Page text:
Homemade baby formula is something mothers look for if they find that they cannot breastfeed for some reason, cannot find another source of quality breast milk, and don’t want to use commercial formula.
Why Homemade Baby Formula?
Why would you want to make homemade baby formula? Everyone knows breast milk is the best thing for babies. But some of us have not been blessed with an easy time breastfeeding. I loved breastfeeding and had no problems… until I started having issues with my breast milk supply when my baby Kate was only 4 months old.
I tried everything to increase my breast milk supply (fenugreek, round-the-clock pumping, taking her to bed with me for 3 days, etc.). But to my great despair, I had to start supplementing with formula. I felt like a complete failure as a mother.
When my Great Uncle Roy (in his 80s) read on my blog that I was having breast milk supply issues and had to start formula feeding, he emailed me a link to the Weston A. Price Foundation to warn me about the dangers of soy formula.
The more I read, the more I realized that every formula on the market these days has soy in it (usually soybean oil and/or soy lecithin). The more I read about the dangers of soy, I came to the conclusion that there is no good commercial infant formula available. I became determined to find a healthier alternative for my baby. Enter Sally Fallon and Mary Enig’s recipe for homemade baby formula.
I’m so grateful we found the homemade baby formula recipe. My daughter got a bad case of cradle cap on commercial baby formula. When we switched to homemade baby formula, her cradle cap disappeared and it never came back.
Notes on the Recipe
The recipe that follows is slightly modified (just the method, not the ingredients) from the recipe by Sally Fallon and Mary Enig published in the book, “Nourishing Traditions”.
The ideal milk for baby, if he cannot be breastfed, is clean, whole raw milk from old-fashioned cows, certified free of disease, that feed on green pasture. For sources of good quality milk, see www.realmilk.com.
Please note: I no longer recommend the book, Nourishing Traditions or the Weston A. Price Foundation, due to their positon on fermented cod liver oil, which I am strongly opposed to and I feel may be dangerous to human health. You can read more about that here: My Take on the Fermented Cod Liver Oil Scandal.
Homemade Baby Formula Recipe
Makes 36 ounces
Blender (you can use a whisk and a bowl but I think it’s much easier in a blender)
Glass bottles (you can also use BPA-free plastic bottles like Medela or Born Free; do NOT use plastic bottles with BPA — it’s toxic!)
Whole organic milk, preferably raw, from pasture-fed cows (2 cups)
Filtered water (if you don’t have a filter, use bottled distilled water, reverse osmosis water, or spring water) (1 7/8 cups)
Homemade liquid whey — Note: Do NOT use whey from making cheese — it will cause the formula to curdle. Use only homemade whey made from yoghurt, kefir or separated raw milk. (1/4 cup)
Good quality cream (ideally organic and raw) — (2 TBS or more)
Coconut oil (2 tsp)
High-vitamin cod liver oil (store in the fridge) (1/2 tsp)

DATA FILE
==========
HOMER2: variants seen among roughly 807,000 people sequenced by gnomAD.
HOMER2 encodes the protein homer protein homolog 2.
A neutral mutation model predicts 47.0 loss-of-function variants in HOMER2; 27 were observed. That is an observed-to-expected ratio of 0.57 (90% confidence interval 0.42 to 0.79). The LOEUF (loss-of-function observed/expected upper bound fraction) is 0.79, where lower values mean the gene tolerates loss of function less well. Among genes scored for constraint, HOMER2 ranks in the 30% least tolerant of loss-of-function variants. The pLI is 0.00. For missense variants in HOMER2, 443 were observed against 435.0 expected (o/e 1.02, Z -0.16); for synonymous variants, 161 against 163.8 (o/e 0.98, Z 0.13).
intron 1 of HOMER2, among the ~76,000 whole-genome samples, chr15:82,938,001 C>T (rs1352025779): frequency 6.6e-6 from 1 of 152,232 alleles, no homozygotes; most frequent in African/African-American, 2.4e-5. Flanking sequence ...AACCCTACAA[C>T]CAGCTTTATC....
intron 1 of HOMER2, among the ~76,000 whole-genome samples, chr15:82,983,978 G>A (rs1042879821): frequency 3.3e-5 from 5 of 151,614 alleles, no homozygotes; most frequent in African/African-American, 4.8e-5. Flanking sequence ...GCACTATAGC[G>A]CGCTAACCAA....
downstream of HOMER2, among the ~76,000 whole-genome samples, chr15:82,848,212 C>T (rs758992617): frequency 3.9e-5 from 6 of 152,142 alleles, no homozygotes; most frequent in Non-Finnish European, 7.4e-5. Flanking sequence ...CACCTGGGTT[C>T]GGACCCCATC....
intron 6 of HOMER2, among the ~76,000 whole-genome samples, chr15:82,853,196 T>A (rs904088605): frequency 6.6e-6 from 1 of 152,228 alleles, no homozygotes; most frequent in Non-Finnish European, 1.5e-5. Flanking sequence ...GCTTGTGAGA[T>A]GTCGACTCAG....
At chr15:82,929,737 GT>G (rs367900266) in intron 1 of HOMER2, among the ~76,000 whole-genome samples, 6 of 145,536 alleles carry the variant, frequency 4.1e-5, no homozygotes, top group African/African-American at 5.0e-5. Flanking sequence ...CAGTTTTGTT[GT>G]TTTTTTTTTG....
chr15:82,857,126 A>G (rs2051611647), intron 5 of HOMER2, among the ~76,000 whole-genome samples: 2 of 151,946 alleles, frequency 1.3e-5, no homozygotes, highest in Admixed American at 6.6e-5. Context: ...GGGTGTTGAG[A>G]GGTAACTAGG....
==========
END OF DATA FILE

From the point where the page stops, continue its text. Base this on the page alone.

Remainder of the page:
Expeller-expressed sunflower oil (store in the fridge) (1 tsp)
Extra virgin olive oil (store in a dark cupboard) (1 tsp)
Lactose powder (4 TBS)
Frontier brand nutritional yeast flakes (2 tsp)
Gelatin (2 tsp)
Natren bifidobacterium infantis (store in the fridge) (1/4 tsp)
Acerola powder (1/4 tsp)
It is very important to use the exact amounts that are called for (I have not changed any of the amounts). This recipe was formulated by a nutritionist (Mary Enig) and is designed to be as close as possible to human breast milk.
The only thing I changed in the recipe is how I make it. In the original recipe, they say to add the gelatin powder to the filtered water and warm it slightly until the gelatin dissolves. Many people also like to add the coconut oil to the water so it liquifies. I used to do all of that but after making formula day in day out for over a year now, I find it’s easier just to throw everything in the blender and then scoop out the frothy stuff at the top. You can try it both ways and see what works better for you.
1. Add the 2 cups of milk to the blender.
2. Add the 1/4 cup of whey and the 1 7/8 cups of filtered water.
3. Add all the dry ingredients. (I add the dry ingredients first because then I don’t get my measuring spoons wet.)
4. Add the rest of the liquid ingredients.
5. Set out some clean glass bottles. How many you will need depends on how much your baby drinks at each feeding. I use 6 bottles and fill them all about 6 ounces each.
6. Using a teaspoon, scoop the clumpy snow-like top layer of formula and distribute evenly into the glass bottles. if you don’t scoop it off the top, it will not pour and will get stuck at the bottom of the blender.
7. Distribute the formula into the bottles. When you get near the bottom, you’ll notice that the gelatin is kind of sticking around down there (this is why they recommend warming it in water). If you just swirl the formula around in the blender, making sure the gelatin mixes in, you can easily distribute it among the bottles.
8. Put clean nipples and lids on the bottles and stick them in the fridge.
9. To serve, take the bottle out of the fridge and set in a Pyrex measuring cup or coffee cup halfway full of boiling hot water. When warm, shake bottle well and feed baby. Never, never heat formula in a microwave oven!
I bought this Zojirushi hot water dispenser. It was a wonderful investment for warming formula and baby purees. I think you can also use a baby bottle warmer.
I do not recommend setting a cold bottle just out of the fridge in a saucepan of simmering water. I broke a few bottles doing that — which is why I bought the Zojirushi. If you are going to use a saucepan on the stove, use a room-temperature bottle only.
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